There are many examples of choices to provide to users through API. Here are a few to demonstrate the value of maintaining optionality for your users:
- PUT vs. PATCH - REST APIs often support both the PUT and PATCH operations. PUT requires an entire resource representation to be passed during an update (i.e., even fields that have not changed), while PATCH allows a partial representation to be passed (i.e., just the changes) . There are times when either approach may be valuable, so providing users with either option allows them to make the right choice for their application.
- Field Selection - GraphQL allows users to specify the exact fields to be returned by a query or mutation. This allows the user to decide how much or little of an entity to retrieve, which prevents over-fetching (leading to wasted computational and network resources) and under-fetching (leading to a "chatty" client/server interaction). This empowers the API user to match the fields fetch to their exact needs (e.g., the widget displayed within a web app).
Software changes. Frequently. That's also true for APIs. But incremental changes can be more problematic with APIs. That's because the party changing the API (the API provider) is often not the same party that must deal with the change once implemented (the API consumer). Making change "safe" means API providers can evolve and refine their offerings based on feedback without breaking API consumers.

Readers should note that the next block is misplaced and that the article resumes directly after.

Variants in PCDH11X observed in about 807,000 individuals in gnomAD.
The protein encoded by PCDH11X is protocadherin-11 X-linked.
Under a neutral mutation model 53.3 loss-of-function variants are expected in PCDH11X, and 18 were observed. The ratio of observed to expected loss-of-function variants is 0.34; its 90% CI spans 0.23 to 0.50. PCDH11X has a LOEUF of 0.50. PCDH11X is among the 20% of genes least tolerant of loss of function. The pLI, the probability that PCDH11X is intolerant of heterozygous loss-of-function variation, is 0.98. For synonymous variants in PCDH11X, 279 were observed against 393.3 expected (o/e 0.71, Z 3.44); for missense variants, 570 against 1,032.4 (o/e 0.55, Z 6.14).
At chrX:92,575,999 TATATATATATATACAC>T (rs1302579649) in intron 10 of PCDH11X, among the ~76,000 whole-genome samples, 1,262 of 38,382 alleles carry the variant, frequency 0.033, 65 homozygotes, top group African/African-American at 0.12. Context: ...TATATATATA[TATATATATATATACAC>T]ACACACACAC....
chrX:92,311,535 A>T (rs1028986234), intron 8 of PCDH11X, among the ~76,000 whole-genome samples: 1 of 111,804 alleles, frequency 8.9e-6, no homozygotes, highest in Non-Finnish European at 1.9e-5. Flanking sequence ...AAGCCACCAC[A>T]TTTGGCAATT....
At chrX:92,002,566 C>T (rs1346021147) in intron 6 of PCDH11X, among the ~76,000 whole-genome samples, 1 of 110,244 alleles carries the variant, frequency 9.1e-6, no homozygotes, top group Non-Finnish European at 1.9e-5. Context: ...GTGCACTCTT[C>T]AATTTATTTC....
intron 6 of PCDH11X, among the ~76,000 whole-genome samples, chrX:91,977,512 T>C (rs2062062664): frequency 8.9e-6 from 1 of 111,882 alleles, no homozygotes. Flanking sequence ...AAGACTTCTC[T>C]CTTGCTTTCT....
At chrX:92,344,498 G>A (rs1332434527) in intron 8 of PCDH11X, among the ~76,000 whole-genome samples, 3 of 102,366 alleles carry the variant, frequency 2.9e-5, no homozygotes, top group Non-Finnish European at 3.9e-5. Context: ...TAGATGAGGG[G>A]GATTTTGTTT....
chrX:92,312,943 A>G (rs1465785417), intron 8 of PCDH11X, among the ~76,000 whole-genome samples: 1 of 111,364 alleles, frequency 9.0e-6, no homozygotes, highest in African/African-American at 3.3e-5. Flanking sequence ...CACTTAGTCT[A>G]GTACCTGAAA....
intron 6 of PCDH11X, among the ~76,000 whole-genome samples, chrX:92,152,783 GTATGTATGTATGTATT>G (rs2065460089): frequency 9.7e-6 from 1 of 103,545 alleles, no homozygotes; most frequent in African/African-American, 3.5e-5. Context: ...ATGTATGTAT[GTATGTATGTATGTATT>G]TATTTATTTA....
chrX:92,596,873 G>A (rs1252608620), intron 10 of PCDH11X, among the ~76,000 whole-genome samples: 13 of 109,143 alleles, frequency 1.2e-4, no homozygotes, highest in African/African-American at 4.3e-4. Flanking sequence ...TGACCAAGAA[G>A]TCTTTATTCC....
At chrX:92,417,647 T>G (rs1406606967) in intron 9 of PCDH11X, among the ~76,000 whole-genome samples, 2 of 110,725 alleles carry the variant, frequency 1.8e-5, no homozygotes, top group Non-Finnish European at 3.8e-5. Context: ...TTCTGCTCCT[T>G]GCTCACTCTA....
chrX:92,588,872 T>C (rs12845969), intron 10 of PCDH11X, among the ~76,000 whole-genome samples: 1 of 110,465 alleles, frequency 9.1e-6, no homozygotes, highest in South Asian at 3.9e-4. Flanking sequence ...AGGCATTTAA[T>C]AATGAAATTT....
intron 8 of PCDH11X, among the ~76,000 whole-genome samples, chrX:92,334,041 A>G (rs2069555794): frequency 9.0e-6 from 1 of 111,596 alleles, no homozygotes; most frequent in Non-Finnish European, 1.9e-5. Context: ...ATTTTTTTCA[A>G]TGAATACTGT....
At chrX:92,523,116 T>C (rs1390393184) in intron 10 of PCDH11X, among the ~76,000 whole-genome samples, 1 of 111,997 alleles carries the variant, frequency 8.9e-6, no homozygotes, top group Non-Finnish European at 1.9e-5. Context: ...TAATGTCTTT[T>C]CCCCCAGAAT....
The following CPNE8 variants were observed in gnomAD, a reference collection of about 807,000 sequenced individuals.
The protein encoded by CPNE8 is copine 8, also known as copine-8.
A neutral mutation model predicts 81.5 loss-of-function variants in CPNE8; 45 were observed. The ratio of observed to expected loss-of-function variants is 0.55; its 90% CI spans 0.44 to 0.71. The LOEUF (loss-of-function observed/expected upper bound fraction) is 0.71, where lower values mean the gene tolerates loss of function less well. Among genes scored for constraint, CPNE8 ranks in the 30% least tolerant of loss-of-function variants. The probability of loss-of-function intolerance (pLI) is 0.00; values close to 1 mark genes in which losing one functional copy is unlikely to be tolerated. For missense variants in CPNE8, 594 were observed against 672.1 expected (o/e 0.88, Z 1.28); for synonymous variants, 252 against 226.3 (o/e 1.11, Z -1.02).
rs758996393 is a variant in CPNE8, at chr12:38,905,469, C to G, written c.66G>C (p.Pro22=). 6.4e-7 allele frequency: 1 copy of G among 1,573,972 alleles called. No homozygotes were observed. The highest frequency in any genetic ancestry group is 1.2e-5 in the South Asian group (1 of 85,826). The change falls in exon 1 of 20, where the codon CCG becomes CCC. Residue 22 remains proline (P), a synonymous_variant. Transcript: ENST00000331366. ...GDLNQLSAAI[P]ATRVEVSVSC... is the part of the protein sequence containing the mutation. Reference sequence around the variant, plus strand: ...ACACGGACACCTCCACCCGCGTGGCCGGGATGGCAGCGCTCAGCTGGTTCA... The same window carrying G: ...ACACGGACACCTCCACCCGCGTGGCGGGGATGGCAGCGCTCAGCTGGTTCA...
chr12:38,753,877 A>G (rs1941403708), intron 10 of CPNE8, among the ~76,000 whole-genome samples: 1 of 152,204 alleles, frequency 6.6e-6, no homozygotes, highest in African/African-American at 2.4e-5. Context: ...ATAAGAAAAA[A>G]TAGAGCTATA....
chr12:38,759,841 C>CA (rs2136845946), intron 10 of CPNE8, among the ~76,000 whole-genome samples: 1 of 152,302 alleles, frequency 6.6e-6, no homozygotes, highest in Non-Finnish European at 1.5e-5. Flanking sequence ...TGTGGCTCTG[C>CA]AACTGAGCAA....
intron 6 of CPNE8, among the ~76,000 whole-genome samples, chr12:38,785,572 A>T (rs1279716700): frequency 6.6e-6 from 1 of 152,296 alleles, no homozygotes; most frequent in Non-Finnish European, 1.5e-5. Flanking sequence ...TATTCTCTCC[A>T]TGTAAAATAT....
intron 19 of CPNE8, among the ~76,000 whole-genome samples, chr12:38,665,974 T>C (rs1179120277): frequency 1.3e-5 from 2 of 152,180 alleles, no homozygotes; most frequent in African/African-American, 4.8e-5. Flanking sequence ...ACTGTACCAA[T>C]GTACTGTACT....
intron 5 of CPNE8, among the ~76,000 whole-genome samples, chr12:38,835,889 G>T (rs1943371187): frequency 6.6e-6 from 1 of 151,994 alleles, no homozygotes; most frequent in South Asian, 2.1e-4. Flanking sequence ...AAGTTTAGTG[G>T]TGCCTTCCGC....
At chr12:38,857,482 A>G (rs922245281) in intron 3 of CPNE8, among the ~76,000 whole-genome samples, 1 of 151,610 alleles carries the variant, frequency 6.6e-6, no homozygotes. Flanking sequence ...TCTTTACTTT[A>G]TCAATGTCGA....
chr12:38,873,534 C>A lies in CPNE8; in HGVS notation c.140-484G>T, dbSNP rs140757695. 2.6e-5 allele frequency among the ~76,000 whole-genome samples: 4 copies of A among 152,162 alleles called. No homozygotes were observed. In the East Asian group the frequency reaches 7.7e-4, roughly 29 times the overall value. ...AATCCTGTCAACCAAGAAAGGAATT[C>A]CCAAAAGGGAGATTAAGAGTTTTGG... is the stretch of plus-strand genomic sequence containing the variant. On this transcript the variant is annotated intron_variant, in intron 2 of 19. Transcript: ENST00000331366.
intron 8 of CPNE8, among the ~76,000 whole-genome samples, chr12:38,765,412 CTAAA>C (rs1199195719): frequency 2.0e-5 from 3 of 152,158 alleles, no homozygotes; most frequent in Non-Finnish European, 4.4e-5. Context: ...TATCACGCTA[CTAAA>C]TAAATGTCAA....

REST API often makes changes safe through versioning. There are many different types of REST API versioning (and this post won't revive the battle about which is "best"). But, for REST APIs, some form of versioning must be in place to allow changes to be safely performed.
GraphQL takes a completely different approach. The convention in GraphQL is to purposefully not version and, instead, favor a versionless API that will evolve only through non-breaking changes. Because the set of changes considered breaking (e.g., removing a field, changing the type of a field), in GraphQL is smaller than with REST APIs, this is a perfectly viable approach for most APIs.
Ultimately, you must make changes "safe" for API providers and consumers, and you can achieve that with either REST or GraphQL.
Despite your best efforts to select and fully embrace an API style, and adopt as many standards and conventions as possible, there will be a feature or pattern that you must create from scratch. And you will need to create it without as much guidance as you might like. In those cases, it's important to strive for consistency as you apply that feature or pattern in your API.
For example, consider the many forms result paging may take in GraphQL or the lack of transactional support in the GraphQL spec. Selecting an approach from many options or coming up with a completely new feature is prone to adoption risk:
- Users will not have worked with the pattern or feature you've designed elsewhere
- Users will need detailed documentation and examples to quickly fill that void